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8 Things We Learned from The Art of Marketing

By and on April 14, 2017

Last week, the Learnography team visited The Art of Marketing, an annual conference focused on improving businesses’ marketing experiences and empowering the individuals who create them. As a graphic designer, a social media strategist, and a marketing student, we were pretty excited to dig in. Here is everything we learned:

8 Things We Learned From the Art of Marketing

  1. “The solution often falls within the obstacle.” Terry O’Reilly stressed the importance of looking at the problem at hand from an outside perspective in order to find the solution. – TB
  1. Customer Loyalty vs Customer Experience: These two terms are often confused and are used interchangeably. Executive panelist Betsey Chung (CMO at BMO) suggests that through mastering the customer experience, we can improve customer loyalty. – MW
  1. “A hunch is creativity trying to tell you something.” In his talk, Terry O’Reilly encouraged us to follow our intuition and embrace our hunches, because they are all leading us towards a greater realization – or maybe even that ‘a-ha’ moment. – KC
  1. In his session, Ryan Holiday emphasized the importance of putting aside your own ego to be successful. By stepping out of your personal spotlight to achieve the bigger picture, you are more likely to succeed. – TB
  1. Rather than working within the system, disrupt the system itself! Music industry pro Troy Carter referenced artists like Chance the Rapper who are using disruptive marketing techniques to promote their brands: Chance is not signed to a label, has never formally released a record, and still managed to win three Grammys this year. – KC
  1. ‘Focus on optimism.’ Executive panelist John Rocco and I share a favourite piece of marketing, the 2011 John Lewis Christmas commercial. The focus on optimism and the human experience is how he created one of his favourite Sonnet Insurance commercials. – MW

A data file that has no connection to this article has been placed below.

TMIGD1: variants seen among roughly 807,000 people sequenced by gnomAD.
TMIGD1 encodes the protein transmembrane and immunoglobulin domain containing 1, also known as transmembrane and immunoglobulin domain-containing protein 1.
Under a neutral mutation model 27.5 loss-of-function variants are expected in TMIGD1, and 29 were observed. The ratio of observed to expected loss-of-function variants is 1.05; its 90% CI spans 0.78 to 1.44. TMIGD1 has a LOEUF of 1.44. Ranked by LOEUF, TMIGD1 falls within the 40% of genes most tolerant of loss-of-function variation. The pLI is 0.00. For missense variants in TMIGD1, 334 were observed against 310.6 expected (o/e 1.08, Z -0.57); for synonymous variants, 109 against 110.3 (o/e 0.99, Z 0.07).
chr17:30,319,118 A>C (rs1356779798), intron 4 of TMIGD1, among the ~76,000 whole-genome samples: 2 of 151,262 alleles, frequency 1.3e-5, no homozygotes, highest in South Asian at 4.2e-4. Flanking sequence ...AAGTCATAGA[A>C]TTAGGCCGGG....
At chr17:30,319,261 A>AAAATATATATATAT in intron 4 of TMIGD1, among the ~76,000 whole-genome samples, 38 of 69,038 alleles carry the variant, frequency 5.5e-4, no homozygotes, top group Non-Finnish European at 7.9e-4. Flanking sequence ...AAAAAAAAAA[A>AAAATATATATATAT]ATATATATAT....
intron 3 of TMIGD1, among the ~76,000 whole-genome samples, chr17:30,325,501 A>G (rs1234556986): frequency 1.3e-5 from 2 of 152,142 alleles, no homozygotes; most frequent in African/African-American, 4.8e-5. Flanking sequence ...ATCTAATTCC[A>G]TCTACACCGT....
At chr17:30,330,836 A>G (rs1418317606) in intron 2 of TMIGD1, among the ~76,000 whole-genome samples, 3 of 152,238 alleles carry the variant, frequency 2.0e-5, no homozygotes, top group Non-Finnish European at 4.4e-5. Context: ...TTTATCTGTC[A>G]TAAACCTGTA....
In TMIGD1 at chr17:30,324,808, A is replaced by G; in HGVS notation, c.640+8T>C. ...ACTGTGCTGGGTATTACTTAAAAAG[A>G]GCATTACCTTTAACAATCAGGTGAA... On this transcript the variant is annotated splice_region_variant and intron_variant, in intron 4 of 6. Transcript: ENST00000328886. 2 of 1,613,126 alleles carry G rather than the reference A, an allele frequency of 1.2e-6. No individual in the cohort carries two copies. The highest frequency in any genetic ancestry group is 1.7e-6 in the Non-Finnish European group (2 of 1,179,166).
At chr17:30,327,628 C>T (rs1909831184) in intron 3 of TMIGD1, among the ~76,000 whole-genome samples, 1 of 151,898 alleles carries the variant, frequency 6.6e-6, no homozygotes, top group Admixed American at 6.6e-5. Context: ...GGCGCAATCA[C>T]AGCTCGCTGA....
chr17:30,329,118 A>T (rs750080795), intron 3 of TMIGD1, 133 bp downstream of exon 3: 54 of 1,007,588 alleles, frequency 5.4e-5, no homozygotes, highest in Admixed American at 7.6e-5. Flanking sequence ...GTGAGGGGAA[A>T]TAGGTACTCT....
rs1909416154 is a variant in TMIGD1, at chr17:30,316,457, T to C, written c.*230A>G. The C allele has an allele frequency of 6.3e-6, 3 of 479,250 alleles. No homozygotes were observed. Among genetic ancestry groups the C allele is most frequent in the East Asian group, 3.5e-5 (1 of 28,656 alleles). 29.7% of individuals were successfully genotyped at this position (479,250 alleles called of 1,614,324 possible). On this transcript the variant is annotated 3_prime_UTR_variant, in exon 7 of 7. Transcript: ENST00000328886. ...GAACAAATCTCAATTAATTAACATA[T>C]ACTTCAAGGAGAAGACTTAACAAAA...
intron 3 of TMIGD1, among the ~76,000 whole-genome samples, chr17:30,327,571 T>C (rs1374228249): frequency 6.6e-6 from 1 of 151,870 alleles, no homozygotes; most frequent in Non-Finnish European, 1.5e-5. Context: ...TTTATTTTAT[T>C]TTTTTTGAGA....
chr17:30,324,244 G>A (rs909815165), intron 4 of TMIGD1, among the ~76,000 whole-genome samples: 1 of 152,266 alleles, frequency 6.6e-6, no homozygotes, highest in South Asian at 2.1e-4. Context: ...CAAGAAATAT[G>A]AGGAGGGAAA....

1. Jump out of your swimlane: Terry O’Reilly centred his talk around counter-intuitive thinking: getting out of your comfort zone will allow you to see what is truly possible. – KC
  1. There is an economic shift from ownership to access. Troy Carter believes that this is the new american dream. Consumers now expect and demand instant gratification through technology. Some of today’s biggest growth hacking companies (uber, Airbnb) have found success in speaking directly to this demographic. – MW

Tia Brierley
As a student at the University of Waterloo, I am joining Learnography for my first co-op term. Pursuing a degree in Environment and Business I continue learning both inside the classroom and through my new work experiences. You can find me outdoors when I’m not working or in class as I am always on the move.

Kyla Clarke

Kyla Clarke

As a student of the world, I am a traveler at heart whose passion for digital and social media runs as deep as my passion for learning. With a linguistics degree from Carleton University and a professional writing diploma from Algonquin College under my belt, I continue to seek ongoing education in all areas of life: learning languages, interacting with those who are unlike me, and absorbing the latest in current events. In my spare time, you’ll find me at rock concerts, yoga classes, or eating pad thai.

Martin Whelan

Martin was born and raised in Ireland where he studied graphic design and obtained a BA in Visual Communications. His love for art and design led him to Toronto and eventually to Learnography. He continues to develop his design skills by attending seminars, workshops, and indulging in print magazines. Martin believes every day is a learning opportunity and that by working (and learning) together, we can all achieve more.  When he’s not glued to inDesign, he enjoys camping, catching Pokemon, and talking to his dog.